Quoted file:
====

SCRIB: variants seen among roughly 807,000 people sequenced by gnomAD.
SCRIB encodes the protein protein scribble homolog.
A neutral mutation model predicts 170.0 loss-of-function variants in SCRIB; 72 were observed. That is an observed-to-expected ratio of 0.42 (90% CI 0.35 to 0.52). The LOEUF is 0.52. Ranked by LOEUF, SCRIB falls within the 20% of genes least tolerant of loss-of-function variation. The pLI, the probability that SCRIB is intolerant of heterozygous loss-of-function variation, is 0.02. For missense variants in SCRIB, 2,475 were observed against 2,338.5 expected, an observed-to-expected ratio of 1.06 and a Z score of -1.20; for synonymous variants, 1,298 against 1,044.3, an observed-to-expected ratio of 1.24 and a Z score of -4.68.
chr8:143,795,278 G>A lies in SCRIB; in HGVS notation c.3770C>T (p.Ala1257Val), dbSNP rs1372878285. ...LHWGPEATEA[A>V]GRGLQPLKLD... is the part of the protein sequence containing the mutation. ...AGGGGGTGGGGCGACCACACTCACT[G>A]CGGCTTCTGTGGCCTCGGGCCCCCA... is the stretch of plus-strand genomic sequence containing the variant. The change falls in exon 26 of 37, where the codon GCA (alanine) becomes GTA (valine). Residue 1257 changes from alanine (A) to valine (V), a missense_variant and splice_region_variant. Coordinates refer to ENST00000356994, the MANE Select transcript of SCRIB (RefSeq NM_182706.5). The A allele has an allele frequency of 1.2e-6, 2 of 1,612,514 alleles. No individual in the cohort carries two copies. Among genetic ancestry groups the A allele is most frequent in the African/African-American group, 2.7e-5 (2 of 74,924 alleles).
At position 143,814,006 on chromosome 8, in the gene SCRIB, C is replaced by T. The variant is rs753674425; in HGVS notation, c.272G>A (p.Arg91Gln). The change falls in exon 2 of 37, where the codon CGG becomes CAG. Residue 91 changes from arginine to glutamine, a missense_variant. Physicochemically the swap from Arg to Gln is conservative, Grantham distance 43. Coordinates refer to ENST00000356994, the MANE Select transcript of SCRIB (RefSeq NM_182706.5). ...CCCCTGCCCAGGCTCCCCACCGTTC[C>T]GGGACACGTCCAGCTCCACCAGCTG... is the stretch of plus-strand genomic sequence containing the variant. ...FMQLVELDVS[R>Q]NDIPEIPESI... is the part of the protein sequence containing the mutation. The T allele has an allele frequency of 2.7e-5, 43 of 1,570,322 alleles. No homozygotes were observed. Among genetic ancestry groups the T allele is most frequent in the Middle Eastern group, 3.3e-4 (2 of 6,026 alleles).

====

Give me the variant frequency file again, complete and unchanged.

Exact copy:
SCRIB: variants seen among roughly 807,000 people sequenced by gnomAD.
SCRIB encodes the protein protein scribble homolog.
A neutral mutation model predicts 170.0 loss-of-function variants in SCRIB; 72 were observed. That is an observed-to-expected ratio of 0.42 (90% CI 0.35 to 0.52). The LOEUF is 0.52. Ranked by LOEUF, SCRIB falls within the 20% of genes least tolerant of loss-of-function variation. The pLI, the probability that SCRIB is intolerant of heterozygous loss-of-function variation, is 0.02. For missense variants in SCRIB, 2,475 were observed against 2,338.5 expected, an observed-to-expected ratio of 1.06 and a Z score of -1.20; for synonymous variants, 1,298 against 1,044.3, an observed-to-expected ratio of 1.24 and a Z score of -4.68.
chr8:143,795,278 G>A lies in SCRIB; in HGVS notation c.3770C>T (p.Ala1257Val), dbSNP rs1372878285. ...LHWGPEATEA[A>V]GRGLQPLKLD... is the part of the protein sequence containing the mutation. ...AGGGGGTGGGGCGACCACACTCACT[G>A]CGGCTTCTGTGGCCTCGGGCCCCCA... is the stretch of plus-strand genomic sequence containing the variant. The change falls in exon 26 of 37, where the codon GCA (alanine) becomes GTA (valine). Residue 1257 changes from alanine (A) to valine (V), a missense_variant and splice_region_variant. Coordinates refer to ENST00000356994, the MANE Select transcript of SCRIB (RefSeq NM_182706.5). The A allele has an allele frequency of 1.2e-6, 2 of 1,612,514 alleles. No individual in the cohort carries two copies. Among genetic ancestry groups the A allele is most frequent in the African/African-American group, 2.7e-5 (2 of 74,924 alleles).
At position 143,814,006 on chromosome 8, in the gene SCRIB, C is replaced by T. The variant is rs753674425; in HGVS notation, c.272G>A (p.Arg91Gln). The change falls in exon 2 of 37, where the codon CGG becomes CAG. Residue 91 changes from arginine to glutamine, a missense_variant. Physicochemically the swap from Arg to Gln is conservative, Grantham distance 43. Coordinates refer to ENST00000356994, the MANE Select transcript of SCRIB (RefSeq NM_182706.5). ...CCCCTGCCCAGGCTCCCCACCGTTC[C>T]GGGACACGTCCAGCTCCACCAGCTG... is the stretch of plus-strand genomic sequence containing the variant. ...FMQLVELDVS[R>Q]NDIPEIPESI... is the part of the protein sequence containing the mutation. The T allele has an allele frequency of 2.7e-5, 43 of 1,570,322 alleles. No homozygotes were observed. Among genetic ancestry groups the T allele is most frequent in the Middle Eastern group, 3.3e-4 (2 of 6,026 alleles).